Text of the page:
In my parents’ living room in Indianapolis, a framed print hangs above their couch depicting a dog greeting passengers unloading from a train. My parents loved dogs, trains, and Montana so when we visited Fort Benton in 2001, all three of us were drawn to the story of “Shep.”

According to historians from the Overholser Historical Research Center and the Missoulian, “Shep first appeared in Fort Benton in August 1936 when his owner, an area sheepherder whose name has been lost to history, was brought mortally ill to the St. Clare Hospital. After the sheepherder passed, his body was sent by train to his family back east. Shep was left behind, but for the next 5 1/2 years he lived under the platform of the Fort Benton train station, patiently waiting for his long-dead master to return.”DSCF0555

I think of “Shep” now as I watch Lolo out in the yard, pacing back and forth in front of the gate. The day I realized it was time to end Borage’s suffering and put him to sleep, my lifelong friend (and veterinarian), Dr. Shannon Kiley, suggested that I bring Lolo with me so she could see and smell his body before they took him away. We all knew Lolo would be lost without Borage, but we hoped this might help. I did as Shannon said and allowed Lolo to sniff her mate’s thick fur for one last time.

Sometimes witnessing the death of a loved one still isn’t enough proof that he or she is truly gone. I often wake in the mornings and feel for a brief moment that my parents and Carol and Borage are still here. For humans and dogs, long-term grief thrashes the body with highs and lows. One minute I might finally feel some peace — but then out of nowhere sadness slams me hard from a new direction. I cry. Lolo howls. Sometimes we do it together.

Dr. Katherine Parks, my Montana veterinarian based in Harlowton, declared Lolo to be in amazing physical shape for a 14-year old dog. “She’s so nervous, yet her heart rate is really low,” Dr. Parks noted, impressed with the athletic physiology of Alaskan Husky sled dogs. The thorough exam revealed nothing — the blood work came back perfect. “I would start her on a famotidine for her stomach acid problem. And for her nerves, you could try some anti-anxiety meds. Or try to find her a new friend,” Dr. Parks suggested. “One or all of these things might help… or not.”

DSCF0511In other words, you can never replace a loved one. But for me, continuing to live means continuing to try — I’m not giving up on Lolo. I cry. She howls. We both take Pepcid twice a day. And then we take a hike… our doctors’ orders.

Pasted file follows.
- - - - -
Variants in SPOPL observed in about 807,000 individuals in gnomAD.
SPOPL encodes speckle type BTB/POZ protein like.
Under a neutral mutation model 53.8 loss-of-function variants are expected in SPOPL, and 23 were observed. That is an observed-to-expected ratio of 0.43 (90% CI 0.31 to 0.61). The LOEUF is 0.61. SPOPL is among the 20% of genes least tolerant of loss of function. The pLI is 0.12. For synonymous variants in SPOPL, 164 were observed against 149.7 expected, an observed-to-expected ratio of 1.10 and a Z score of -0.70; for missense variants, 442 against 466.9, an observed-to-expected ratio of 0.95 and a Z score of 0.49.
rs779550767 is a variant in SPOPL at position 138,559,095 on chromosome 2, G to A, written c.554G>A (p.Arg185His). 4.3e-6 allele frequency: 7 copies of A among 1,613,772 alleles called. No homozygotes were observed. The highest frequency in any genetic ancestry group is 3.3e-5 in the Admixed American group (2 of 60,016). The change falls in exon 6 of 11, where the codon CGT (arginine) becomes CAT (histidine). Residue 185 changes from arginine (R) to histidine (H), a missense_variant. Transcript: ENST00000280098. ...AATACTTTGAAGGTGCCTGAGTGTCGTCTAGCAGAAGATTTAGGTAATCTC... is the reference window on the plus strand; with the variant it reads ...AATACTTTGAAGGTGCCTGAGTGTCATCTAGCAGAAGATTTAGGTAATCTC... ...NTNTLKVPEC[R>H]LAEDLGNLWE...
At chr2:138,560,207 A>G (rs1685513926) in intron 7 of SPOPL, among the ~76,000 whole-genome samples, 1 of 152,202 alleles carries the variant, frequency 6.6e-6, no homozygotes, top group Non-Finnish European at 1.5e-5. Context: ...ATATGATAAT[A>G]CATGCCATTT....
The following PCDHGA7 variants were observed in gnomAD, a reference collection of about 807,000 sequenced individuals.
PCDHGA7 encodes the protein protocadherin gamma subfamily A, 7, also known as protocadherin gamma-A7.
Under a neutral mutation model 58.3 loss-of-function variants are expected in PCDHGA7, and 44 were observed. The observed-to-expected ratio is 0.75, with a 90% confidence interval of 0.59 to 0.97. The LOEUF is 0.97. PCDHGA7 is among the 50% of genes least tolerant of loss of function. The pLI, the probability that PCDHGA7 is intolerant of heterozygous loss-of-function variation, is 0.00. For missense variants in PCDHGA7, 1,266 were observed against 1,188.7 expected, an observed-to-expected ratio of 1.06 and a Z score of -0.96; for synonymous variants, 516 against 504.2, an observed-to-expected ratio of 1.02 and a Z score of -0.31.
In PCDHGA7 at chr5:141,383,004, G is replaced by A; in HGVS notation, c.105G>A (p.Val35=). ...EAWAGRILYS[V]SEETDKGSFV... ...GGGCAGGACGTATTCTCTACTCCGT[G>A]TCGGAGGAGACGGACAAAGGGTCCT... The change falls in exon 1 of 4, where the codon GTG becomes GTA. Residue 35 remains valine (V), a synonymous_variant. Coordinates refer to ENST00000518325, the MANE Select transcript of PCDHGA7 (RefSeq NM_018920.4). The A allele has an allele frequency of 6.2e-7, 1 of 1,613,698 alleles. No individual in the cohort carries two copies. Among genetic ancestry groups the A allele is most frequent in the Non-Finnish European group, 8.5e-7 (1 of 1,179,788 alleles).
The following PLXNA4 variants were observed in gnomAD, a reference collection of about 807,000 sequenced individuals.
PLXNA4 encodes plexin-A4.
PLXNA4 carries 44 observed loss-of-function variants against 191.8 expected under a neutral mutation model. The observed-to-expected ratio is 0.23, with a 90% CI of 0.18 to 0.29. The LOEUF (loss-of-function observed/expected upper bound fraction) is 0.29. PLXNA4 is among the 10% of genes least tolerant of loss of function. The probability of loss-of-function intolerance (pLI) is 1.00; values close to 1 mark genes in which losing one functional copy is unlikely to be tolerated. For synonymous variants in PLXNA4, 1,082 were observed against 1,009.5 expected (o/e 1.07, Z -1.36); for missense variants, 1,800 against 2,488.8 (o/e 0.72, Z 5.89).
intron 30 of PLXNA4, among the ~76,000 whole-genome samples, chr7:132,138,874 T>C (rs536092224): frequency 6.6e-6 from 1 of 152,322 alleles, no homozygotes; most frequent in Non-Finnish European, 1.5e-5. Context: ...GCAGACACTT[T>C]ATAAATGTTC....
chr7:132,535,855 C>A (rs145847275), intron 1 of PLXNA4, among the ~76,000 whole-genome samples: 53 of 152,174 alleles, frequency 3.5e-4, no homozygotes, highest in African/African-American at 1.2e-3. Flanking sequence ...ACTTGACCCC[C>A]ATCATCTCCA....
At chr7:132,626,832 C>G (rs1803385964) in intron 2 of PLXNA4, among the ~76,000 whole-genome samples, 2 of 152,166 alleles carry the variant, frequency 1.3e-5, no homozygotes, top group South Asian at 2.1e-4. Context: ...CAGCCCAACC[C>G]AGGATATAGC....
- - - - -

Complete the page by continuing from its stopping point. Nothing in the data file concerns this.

Mom, Dad, Grandpa Land, and Aunt Dot ready to drive WEST. Indianapolis, 1967.

Mom, Dad, Grandpa Land, and Aunt Dot ready to drive WEST. Indianapolis, 1967.

In the last 21 years, I’ve driven back and forth between Indiana and Montana over 40 times (I lost count). To give my Iditarod presentations, Borage, Jigs, and I traveled over 30,000 miles a year by car, ricocheting from state to state like a steel marble in a pinball machine. When it was time to go, it never took me long to gather a few belongings (that’s all that fits in a Toyota Rav with 2 to 4 dogs), and pack the vehicle. When I departed from my parents’ house (which was often — I loved spending time at home), my dad would appear in the driveway with a bottle of windex and paper towels. He carefully washed the inside and outside of the glass, backing up to search for missed streaks. It took forever to get out of the driveway. We took photos. Both Mom and Dad petted each of my dogs… and kissed them… and said, “Behave yourself. Listen to your mother…” My mom always cried (even if I’d be back in a few days), insisting on not just one hug but several. Dad stood back and waited for his embrace. To the both of them, I said, “I love you.”

Mom, Borage, Jigs (he's in the car), and I leaving for 2 weeks of talks in Texas.

Mom, Borage, Jigs (he’s in the car), and I leaving for 2 weeks of talks in Texas.

Nowadays, leaving is hard. I dread pulling out of the driveway knowing that if I look back over my shoulder neither of them will be there. No one will be standing on the blacktop waving goodbye, not moving until my car fades from sight.

People often say, “I hate good-byes…” But when I think of all the love wrapped up in a parting — whether a brief or lifelong separation — I wouldn’t trade those moments for anything. Whenever I have a chance, will say, “Good-bye…” No matter where they’re headed, I want to send my loved ones off like they’re boarding a giant ship and heading out onto unknown waters. And, like my parents taught me, I’ll wave until their vessel disappears.

Mom telling Borage to BEHAVE

Mom telling Borage to BEHAVE